Stay-at-home orders and shutdowns of non-essential businesses are powerful, but socially costly, tools to control the pandemic spread of SARS-CoV-2. Mass testing strategies, which rely on widely administered frequent and rapid diagnostics to identify and isolate infected individuals, could be a potentially less disruptive management strategy, particularly where vaccine access is limited. In this paper, we assess the extent to which mass testing and isolation strategies can reduce reliance on socially costly non-pharmaceutical interventions, such as distancing and shutdowns. We develop a multi-compartmental model of SARS-CoV-2 transmission incorporating both preventative non-pharmaceutical interventions (NPIs) and testing and isolation to evaluate their combined effect on public health outcomes. Our model is designed to be a policy-guiding tool that captures important realities of the testing system, including constraints on test administration and non-random testing allocation. We show how strategic changes in the characteristics of the testing system, including test administration, test delays, and test sensitivity, can reduce reliance on preventative NPIs without compromising public health outcomes in the future. The lowest NPI levels are possible only when many tests are administered and test delays are short, given limited immunity in the population. Reducing reliance on NPIs is highly dependent on the ability of a testing program to identify and isolate unreported, asymptomatic infections. Changes in NPIs, including the intensity of lockdowns and stay at home orders, should be coordinated with increases in testing to ensure epidemic control; otherwise small additional lifting of these NPIs can lead to dramatic increases in infections, hospitalizations and deaths. Importantly, our results can be used to guide ramp-up of testing capacity in outbreak settings, allow for the flexible design of combined interventions based on social context, and inform future cost-benefit analyses to identify efficient pandemic management strategies.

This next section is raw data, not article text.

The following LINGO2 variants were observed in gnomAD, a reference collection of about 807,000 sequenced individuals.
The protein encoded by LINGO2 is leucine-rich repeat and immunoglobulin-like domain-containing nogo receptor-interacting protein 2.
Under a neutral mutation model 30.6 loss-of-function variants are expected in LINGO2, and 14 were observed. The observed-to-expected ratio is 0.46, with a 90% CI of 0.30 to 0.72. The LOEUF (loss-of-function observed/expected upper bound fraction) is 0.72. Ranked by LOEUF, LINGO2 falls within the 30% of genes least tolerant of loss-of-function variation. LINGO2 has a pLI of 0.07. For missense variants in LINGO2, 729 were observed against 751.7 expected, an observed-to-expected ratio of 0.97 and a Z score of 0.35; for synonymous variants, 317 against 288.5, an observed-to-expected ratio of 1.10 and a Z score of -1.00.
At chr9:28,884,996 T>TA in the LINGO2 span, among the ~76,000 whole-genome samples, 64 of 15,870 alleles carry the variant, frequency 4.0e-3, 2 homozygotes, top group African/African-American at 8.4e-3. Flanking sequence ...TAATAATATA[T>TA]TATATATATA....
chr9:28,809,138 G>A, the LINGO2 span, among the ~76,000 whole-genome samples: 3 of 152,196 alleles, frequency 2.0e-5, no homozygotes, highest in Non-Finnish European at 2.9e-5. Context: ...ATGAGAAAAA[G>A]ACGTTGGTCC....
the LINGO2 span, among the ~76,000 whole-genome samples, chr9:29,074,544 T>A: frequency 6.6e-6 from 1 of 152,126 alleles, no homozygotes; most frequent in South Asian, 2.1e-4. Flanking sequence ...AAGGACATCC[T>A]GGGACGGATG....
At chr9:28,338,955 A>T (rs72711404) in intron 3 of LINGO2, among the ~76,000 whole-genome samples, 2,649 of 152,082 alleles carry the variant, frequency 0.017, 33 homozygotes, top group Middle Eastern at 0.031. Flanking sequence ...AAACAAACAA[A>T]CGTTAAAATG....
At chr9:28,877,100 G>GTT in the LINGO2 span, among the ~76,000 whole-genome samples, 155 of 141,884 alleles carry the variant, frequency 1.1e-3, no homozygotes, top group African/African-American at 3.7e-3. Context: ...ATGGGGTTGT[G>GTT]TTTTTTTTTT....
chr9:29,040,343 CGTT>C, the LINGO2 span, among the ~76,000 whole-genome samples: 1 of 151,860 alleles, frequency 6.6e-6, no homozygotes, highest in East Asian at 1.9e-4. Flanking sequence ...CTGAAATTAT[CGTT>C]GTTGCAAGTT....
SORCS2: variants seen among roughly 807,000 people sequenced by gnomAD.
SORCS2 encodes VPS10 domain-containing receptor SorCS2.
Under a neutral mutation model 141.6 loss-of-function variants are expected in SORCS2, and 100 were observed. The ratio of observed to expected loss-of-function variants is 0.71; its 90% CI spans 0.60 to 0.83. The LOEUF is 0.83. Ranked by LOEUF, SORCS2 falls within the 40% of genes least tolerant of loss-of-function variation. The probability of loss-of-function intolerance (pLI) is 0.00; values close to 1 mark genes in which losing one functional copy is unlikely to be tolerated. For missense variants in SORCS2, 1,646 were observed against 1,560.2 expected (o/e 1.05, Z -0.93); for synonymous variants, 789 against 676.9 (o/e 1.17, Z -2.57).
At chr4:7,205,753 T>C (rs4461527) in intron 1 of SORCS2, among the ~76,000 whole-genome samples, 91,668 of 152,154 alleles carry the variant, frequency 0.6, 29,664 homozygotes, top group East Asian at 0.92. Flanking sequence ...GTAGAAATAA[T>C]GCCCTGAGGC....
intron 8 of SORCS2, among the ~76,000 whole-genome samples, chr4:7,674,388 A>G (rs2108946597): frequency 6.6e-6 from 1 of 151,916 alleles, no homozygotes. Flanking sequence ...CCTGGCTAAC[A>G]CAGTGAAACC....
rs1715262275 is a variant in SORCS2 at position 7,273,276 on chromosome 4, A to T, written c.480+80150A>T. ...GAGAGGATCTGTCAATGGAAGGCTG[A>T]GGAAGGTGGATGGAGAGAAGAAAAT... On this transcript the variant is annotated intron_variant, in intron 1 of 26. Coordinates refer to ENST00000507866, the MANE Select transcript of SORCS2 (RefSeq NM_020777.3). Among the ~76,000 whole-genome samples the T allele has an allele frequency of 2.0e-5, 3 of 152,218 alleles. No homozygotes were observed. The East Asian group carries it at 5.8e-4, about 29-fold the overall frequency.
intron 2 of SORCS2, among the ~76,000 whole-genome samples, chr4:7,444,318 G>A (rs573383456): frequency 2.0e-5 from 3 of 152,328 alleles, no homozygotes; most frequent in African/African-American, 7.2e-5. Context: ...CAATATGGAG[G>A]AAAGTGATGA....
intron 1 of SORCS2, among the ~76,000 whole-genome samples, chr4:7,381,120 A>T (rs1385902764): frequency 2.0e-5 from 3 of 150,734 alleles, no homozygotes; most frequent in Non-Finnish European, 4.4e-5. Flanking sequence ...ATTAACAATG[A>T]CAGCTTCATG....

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  6. null (Ed.)
  7. Free, publicly-accessible full text available January 1, 2024
  8. null (Ed.)
    More than 1.6 million Severe Acute Respiratory Syndrome Coronavirus 2 (SARS-CoV-2) tests were administered daily in the United States at the peak of the epidemic, with a significant focus on individual treatment. Here, we show that objective-driven, strategic sampling designs and analyses can maximize information gain at the population level, which is necessary to increase situational awareness and predict, prepare for, and respond to a pandemic, while also continuing to inform individual treatment. By focusing on specific objectives such as individual treatment or disease prediction and control (e.g., via the collection of population-level statistics to inform lockdown measures or vaccine rollout) and drawing from the literature on capture–recapture methods to deal with nonrandom sampling and testing errors, we illustrate how public health objectives can be achieved even with limited test availability when testing programs are designed a priori to meet those objectives.